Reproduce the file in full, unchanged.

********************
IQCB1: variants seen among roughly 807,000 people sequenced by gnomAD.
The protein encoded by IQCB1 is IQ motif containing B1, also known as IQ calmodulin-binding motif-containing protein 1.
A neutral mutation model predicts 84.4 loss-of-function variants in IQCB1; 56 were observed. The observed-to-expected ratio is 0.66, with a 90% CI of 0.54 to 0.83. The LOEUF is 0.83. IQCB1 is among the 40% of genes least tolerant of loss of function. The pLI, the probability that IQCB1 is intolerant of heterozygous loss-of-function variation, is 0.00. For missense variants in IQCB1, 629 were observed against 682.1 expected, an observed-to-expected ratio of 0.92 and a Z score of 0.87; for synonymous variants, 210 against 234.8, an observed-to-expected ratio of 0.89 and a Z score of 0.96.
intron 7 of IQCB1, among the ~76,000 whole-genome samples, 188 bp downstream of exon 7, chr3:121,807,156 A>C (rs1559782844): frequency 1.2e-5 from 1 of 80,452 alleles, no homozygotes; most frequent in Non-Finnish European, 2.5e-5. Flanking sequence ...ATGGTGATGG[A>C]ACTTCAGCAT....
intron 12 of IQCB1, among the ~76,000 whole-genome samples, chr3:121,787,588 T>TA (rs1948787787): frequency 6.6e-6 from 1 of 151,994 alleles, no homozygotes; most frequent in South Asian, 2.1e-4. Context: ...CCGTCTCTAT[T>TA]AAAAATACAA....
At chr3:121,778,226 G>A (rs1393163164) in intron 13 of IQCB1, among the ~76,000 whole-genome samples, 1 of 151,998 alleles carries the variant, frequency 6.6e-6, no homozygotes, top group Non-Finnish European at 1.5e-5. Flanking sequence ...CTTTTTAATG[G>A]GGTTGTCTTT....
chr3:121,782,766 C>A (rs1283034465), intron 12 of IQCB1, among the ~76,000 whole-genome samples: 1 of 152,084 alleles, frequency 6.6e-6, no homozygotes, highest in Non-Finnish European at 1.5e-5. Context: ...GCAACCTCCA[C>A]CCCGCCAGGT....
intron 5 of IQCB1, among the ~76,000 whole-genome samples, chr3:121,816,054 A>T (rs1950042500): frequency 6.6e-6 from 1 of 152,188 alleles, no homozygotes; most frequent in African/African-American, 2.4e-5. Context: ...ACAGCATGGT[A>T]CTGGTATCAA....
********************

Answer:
IQCB1: variants seen among roughly 807,000 people sequenced by gnomAD.
The protein encoded by IQCB1 is IQ motif containing B1, also known as IQ calmodulin-binding motif-containing protein 1.
A neutral mutation model predicts 84.4 loss-of-function variants in IQCB1; 56 were observed. The observed-to-expected ratio is 0.66, with a 90% CI of 0.54 to 0.83. The LOEUF is 0.83. IQCB1 is among the 40% of genes least tolerant of loss of function. The pLI, the probability that IQCB1 is intolerant of heterozygous loss-of-function variation, is 0.00. For missense variants in IQCB1, 629 were observed against 682.1 expected, an observed-to-expected ratio of 0.92 and a Z score of 0.87; for synonymous variants, 210 against 234.8, an observed-to-expected ratio of 0.89 and a Z score of 0.96.
intron 7 of IQCB1, among the ~76,000 whole-genome samples, 188 bp downstream of exon 7, chr3:121,807,156 A>C (rs1559782844): frequency 1.2e-5 from 1 of 80,452 alleles, no homozygotes; most frequent in Non-Finnish European, 2.5e-5. Flanking sequence ...ATGGTGATGG[A>C]ACTTCAGCAT....
intron 12 of IQCB1, among the ~76,000 whole-genome samples, chr3:121,787,588 T>TA (rs1948787787): frequency 6.6e-6 from 1 of 151,994 alleles, no homozygotes; most frequent in South Asian, 2.1e-4. Context: ...CCGTCTCTAT[T>TA]AAAAATACAA....
At chr3:121,778,226 G>A (rs1393163164) in intron 13 of IQCB1, among the ~76,000 whole-genome samples, 1 of 151,998 alleles carries the variant, frequency 6.6e-6, no homozygotes, top group Non-Finnish European at 1.5e-5. Flanking sequence ...CTTTTTAATG[G>A]GGTTGTCTTT....
chr3:121,782,766 C>A (rs1283034465), intron 12 of IQCB1, among the ~76,000 whole-genome samples: 1 of 152,084 alleles, frequency 6.6e-6, no homozygotes, highest in Non-Finnish European at 1.5e-5. Context: ...GCAACCTCCA[C>A]CCCGCCAGGT....
intron 5 of IQCB1, among the ~76,000 whole-genome samples, chr3:121,816,054 A>T (rs1950042500): frequency 6.6e-6 from 1 of 152,188 alleles, no homozygotes; most frequent in African/African-American, 2.4e-5. Context: ...ACAGCATGGT[A>T]CTGGTATCAA....